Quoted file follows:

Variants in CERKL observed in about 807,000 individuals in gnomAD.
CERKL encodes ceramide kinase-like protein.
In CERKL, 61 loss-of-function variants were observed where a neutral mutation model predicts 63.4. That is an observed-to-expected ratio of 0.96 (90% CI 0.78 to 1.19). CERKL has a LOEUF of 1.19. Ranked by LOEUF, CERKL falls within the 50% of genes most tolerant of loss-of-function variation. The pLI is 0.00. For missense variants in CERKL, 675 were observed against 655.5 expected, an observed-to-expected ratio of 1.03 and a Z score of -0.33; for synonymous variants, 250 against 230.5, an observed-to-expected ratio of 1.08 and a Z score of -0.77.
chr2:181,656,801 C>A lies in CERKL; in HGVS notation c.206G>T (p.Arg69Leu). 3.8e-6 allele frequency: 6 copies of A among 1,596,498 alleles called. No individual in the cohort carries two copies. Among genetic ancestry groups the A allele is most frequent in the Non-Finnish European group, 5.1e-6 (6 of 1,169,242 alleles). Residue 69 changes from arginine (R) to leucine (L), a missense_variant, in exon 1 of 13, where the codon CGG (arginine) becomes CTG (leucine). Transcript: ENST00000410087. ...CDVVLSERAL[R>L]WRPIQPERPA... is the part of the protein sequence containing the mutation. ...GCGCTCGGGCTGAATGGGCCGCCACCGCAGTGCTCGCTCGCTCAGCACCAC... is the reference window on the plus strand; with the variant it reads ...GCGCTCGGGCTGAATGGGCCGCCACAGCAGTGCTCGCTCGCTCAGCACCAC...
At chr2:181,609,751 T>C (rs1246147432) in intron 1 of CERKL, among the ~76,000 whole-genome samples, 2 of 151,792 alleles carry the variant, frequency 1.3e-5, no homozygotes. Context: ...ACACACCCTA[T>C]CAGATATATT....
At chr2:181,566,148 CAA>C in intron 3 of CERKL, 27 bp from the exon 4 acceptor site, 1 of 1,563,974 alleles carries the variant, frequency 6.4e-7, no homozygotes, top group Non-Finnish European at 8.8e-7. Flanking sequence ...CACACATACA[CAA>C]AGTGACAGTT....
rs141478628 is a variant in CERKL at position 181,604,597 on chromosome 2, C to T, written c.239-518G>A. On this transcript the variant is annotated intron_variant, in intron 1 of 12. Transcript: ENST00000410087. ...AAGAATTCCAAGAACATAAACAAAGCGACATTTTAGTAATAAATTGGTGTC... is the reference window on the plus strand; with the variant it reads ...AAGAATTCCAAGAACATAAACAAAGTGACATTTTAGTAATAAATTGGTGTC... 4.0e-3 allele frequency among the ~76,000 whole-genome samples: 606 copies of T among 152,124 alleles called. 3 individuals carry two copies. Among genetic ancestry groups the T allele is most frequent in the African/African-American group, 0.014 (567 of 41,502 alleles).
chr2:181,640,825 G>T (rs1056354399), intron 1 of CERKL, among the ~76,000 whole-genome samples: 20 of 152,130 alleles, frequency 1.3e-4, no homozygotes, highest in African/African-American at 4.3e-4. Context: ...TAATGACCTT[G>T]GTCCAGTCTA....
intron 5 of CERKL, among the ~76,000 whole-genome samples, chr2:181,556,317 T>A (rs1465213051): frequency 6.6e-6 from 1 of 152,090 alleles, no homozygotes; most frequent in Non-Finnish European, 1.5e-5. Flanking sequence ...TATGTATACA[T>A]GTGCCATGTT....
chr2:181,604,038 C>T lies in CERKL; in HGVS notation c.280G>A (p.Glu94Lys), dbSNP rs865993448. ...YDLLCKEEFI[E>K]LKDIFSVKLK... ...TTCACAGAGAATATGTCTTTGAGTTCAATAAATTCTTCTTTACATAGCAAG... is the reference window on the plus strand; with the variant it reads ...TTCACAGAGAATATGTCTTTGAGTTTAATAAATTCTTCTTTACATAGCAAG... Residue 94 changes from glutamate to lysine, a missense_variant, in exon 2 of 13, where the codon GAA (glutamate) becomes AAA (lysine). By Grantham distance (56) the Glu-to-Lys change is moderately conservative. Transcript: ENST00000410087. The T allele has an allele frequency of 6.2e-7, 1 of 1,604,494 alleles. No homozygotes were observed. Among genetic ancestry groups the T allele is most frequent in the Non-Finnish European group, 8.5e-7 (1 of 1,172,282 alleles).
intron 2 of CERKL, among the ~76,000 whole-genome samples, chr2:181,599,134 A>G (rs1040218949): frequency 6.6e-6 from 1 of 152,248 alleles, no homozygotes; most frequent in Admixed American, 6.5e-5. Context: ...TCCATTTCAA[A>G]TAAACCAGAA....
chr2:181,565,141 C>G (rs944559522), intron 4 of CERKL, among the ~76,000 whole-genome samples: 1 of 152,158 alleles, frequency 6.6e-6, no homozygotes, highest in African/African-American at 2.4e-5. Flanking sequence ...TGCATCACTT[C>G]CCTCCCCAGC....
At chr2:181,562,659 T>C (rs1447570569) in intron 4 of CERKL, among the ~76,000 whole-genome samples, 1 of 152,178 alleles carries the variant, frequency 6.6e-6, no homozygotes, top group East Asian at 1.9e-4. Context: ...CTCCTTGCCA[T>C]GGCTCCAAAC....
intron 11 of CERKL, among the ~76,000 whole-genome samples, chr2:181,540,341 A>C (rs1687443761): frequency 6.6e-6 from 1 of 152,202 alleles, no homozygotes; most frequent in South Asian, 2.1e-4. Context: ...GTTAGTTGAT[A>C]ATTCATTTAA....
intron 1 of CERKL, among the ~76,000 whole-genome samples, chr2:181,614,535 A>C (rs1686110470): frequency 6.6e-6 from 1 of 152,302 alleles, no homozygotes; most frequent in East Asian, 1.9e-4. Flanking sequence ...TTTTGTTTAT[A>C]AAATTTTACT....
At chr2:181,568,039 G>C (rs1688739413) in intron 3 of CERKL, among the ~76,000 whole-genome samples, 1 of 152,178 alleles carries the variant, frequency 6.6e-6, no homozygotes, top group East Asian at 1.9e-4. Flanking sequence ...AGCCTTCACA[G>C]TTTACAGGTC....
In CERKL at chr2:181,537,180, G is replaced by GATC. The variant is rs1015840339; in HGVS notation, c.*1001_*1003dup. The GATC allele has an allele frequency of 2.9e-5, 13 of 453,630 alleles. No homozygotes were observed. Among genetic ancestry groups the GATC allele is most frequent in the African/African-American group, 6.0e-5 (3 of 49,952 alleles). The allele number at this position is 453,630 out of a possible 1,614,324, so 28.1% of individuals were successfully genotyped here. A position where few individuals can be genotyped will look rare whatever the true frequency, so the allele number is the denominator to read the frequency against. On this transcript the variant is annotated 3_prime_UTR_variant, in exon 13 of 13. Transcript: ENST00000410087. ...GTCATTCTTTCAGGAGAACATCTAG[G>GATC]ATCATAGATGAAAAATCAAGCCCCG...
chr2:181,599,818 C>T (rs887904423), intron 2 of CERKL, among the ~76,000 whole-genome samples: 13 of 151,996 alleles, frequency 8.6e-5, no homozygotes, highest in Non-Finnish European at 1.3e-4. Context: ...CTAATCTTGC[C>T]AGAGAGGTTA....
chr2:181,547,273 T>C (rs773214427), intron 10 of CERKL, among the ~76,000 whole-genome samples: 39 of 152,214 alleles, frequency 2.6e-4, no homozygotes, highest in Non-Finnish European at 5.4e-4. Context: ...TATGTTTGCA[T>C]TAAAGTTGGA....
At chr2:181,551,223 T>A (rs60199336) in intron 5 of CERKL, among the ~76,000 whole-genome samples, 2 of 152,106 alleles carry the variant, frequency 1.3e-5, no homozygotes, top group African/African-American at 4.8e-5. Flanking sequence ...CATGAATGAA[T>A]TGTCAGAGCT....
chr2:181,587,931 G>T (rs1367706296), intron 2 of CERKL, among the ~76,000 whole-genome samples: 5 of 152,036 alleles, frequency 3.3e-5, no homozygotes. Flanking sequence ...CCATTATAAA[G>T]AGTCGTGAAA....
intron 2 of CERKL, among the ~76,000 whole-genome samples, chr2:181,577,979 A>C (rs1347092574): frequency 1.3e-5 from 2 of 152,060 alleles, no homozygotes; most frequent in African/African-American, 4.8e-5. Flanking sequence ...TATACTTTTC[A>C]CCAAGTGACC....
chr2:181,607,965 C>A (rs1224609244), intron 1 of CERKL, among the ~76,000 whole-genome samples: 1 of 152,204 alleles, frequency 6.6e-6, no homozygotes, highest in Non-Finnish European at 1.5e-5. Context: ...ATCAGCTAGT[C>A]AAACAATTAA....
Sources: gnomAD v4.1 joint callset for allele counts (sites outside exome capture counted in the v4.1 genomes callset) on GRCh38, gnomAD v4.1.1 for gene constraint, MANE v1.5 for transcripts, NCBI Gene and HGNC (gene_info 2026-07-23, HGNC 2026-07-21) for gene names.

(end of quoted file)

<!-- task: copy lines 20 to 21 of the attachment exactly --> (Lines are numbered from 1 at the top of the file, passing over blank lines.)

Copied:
At chr2:181,551,223 T>A (rs60199336) in intron 5 of CERKL, among the ~76,000 whole-genome samples, 2 of 152,106 alleles carry the variant, frequency 1.3e-5, no homozygotes, top group African/African-American at 4.8e-5. Flanking sequence ...CATGAATGAA[T>A]TGTCAGAGCT....
chr2:181,587,931 G>T (rs1367706296), intron 2 of CERKL, among the ~76,000 whole-genome samples: 5 of 152,036 alleles, frequency 3.3e-5, no homozygotes. Flanking sequence ...CCATTATAAA[G>T]AGTCGTGAAA....